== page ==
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How Much Information is Too Much For Your Builder?

How Much Information is Too Much For Your Builder?

I was recently contacted by a client of another builder who was worried about the builders reaction to some information they had provided. This lady was concerned she has overstepped the boundary and was questioning how much information was too much to give. It prompted a great conversation between The Builder and I about understanding clients needs. Let me share a little.

When I first started working with The Builder, there was a fair amount of dissatisfaction around clients being heavily involved in their building process. There was fear around this making the process more difficult for the tradespeople or builder, and a large part was not ever having the perspective of being a client.

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Most tradespeople have not been clients in the traditional sense. More often than not, tradespeople have mates that will help them with a job and therefor do not have that perspective in mind when understanding the clients needs. Having been a client of a builder prior to meeting my builder, I have been able to bring that perspective into our business, and help to cut away the fear around allowing clients to be as involved as they like.

Clients are investing a lot of money and trust into their chosen builder or tradesperson. They are trusting the the builder understands their dreams and is able to turn that understanding into exactly what is expected, but that in itself is the most difficult job of all.

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This is where client interaction is of the upmost importance. I firmly believe that you cannot give too much information, and the information you do give is paramount to the builder or tradesperson meeting your expectations. The best advice I can give, is to be comfortable with the level of communication you are able to have with your builder or tradesperson before you sign the contract. This will enable your needs to be sufficiently meet during the building process.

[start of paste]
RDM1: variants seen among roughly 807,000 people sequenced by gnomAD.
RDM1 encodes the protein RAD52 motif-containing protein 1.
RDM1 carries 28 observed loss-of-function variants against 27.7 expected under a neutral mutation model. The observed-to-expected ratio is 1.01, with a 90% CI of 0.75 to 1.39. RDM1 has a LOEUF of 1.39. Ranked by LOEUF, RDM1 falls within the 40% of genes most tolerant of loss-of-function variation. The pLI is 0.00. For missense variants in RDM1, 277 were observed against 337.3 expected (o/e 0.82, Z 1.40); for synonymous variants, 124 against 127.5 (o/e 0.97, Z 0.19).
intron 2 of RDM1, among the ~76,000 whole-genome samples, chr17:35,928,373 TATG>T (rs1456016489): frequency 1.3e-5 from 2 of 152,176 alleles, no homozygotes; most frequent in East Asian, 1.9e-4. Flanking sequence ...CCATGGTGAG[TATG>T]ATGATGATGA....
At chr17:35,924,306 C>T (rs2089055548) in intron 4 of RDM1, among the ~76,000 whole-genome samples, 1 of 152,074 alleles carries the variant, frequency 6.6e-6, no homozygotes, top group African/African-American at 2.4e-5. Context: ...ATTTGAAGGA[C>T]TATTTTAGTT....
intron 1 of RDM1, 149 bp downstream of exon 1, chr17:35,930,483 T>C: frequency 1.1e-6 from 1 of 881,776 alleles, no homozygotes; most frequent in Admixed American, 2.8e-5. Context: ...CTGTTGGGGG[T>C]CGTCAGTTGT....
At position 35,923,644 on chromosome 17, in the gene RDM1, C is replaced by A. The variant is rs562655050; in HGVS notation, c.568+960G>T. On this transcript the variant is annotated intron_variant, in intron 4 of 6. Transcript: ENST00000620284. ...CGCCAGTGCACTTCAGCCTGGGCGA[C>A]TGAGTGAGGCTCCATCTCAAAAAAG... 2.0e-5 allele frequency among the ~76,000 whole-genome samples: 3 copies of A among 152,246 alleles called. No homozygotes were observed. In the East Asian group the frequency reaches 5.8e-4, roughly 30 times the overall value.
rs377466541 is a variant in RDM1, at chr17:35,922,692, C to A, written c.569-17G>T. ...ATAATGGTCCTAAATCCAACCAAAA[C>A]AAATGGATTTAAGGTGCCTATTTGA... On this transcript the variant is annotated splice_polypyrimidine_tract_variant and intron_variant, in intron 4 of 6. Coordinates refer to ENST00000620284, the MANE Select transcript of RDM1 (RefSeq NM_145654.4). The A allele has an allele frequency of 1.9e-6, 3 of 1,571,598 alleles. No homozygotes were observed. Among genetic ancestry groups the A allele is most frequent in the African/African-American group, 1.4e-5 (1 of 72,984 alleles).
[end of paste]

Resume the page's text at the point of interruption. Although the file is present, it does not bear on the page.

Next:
Not all of us require large amounts of communication, but if you do, you will need to ensure your builder or tradesperson is able to meet that need. In short, give all the information you wish to, while it will not guarantee perfection, it will get you a great deal closer.

Are you big on communicating? What is your chosen way to communicate? Do you write letters anymore?

Nicole xxx

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7 Comments

  1. I think this it is so important to establish good channels of communication and as you say, before you sign the contract. For most people (clients), it’s a huge emotional and financial investment and it’s so important to know that everyone is on the same page 🙂

  2. As a client I like to know ‘stuff’ but also ultimately let the tradesperson guide me as they know what’s best. So I’ll often ask advice. I’m also incredibly ignorant about that sort of stuff, so I’ll tell them that, tell them what I want and let them decide how best to do it.

    As I’ve recently moved I’ve engaged some people for all sorts of stuff – including a handyman – and I’ve gone with friends’ suggestions and make sure the tradesperson knows that.

  3. I’m big on communication and communicate best and more thoroughly in written form so I’m sure text and email would be my point of call! I’m about to embark on this actually but I don’t understand a lot so as long as I am confident they understand my wants I’ll probably be pretty hands off! #TeamIBOT

  4. I think I am a good communicator but sometimes I’m inpatient and it kind of just dribbles out of me. Like I send one big email, then another smaller one of stuff I have forgotten and then three smaller again ones of things that come to me… OK perhaps not helpful! LOL

  5. I’m big on communicating and prefer phone calls with a follow up email in these types of situations.

  6. Out in the open is best in most instances I reckon!

  7. […] of us can learn from these questions. Some examples of this are Is a Deck Worth The Investment, and How Much Information Is Too Much Information For My Builder. Because we work in an industry where educating our client is part of the job we perform, I find my […]

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